The partnership of man and horse on the land goes back a long time, but, as John Langdon shows, it was not until after the Conquest that the horse really began to come into its own.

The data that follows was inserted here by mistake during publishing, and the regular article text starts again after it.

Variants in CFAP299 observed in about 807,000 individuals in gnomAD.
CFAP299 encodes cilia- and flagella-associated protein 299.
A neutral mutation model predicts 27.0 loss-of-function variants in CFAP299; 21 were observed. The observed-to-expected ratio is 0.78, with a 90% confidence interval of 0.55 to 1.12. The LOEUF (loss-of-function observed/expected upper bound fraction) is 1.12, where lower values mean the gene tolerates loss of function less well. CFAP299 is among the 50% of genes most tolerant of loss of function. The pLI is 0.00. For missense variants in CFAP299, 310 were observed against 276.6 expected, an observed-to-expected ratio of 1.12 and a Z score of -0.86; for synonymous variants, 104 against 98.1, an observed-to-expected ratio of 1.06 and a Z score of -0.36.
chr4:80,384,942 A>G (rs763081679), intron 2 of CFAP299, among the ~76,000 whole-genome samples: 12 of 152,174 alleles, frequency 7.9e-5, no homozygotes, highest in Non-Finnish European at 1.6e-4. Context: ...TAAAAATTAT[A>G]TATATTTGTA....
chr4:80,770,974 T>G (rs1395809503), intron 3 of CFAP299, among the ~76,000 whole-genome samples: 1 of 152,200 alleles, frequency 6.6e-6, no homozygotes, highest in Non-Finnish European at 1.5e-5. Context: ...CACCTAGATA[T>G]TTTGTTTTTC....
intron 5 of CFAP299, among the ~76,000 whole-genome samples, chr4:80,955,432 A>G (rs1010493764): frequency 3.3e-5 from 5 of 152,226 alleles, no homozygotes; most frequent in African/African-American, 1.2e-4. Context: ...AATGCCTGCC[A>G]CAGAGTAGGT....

Until recently the dominant view among historians concerning medieval English agriculture was that it was archly traditional and un-enterprising. Crop, and to a certain extent animal, yields were seen as pathetically meagre, as a generally stagnant technology failed to cope with the demands of a growing population, particularly up to the end of the thirteenth century. This pessimistic view of the state of medieval English agriculture, put most forcibly by Michael Postan in a series of writings since the Second World War, has recently been giving way to a more optimistic picture which sees the agriculture of the time as at least having the potential for improvement, even if it did not act upon it all the time.
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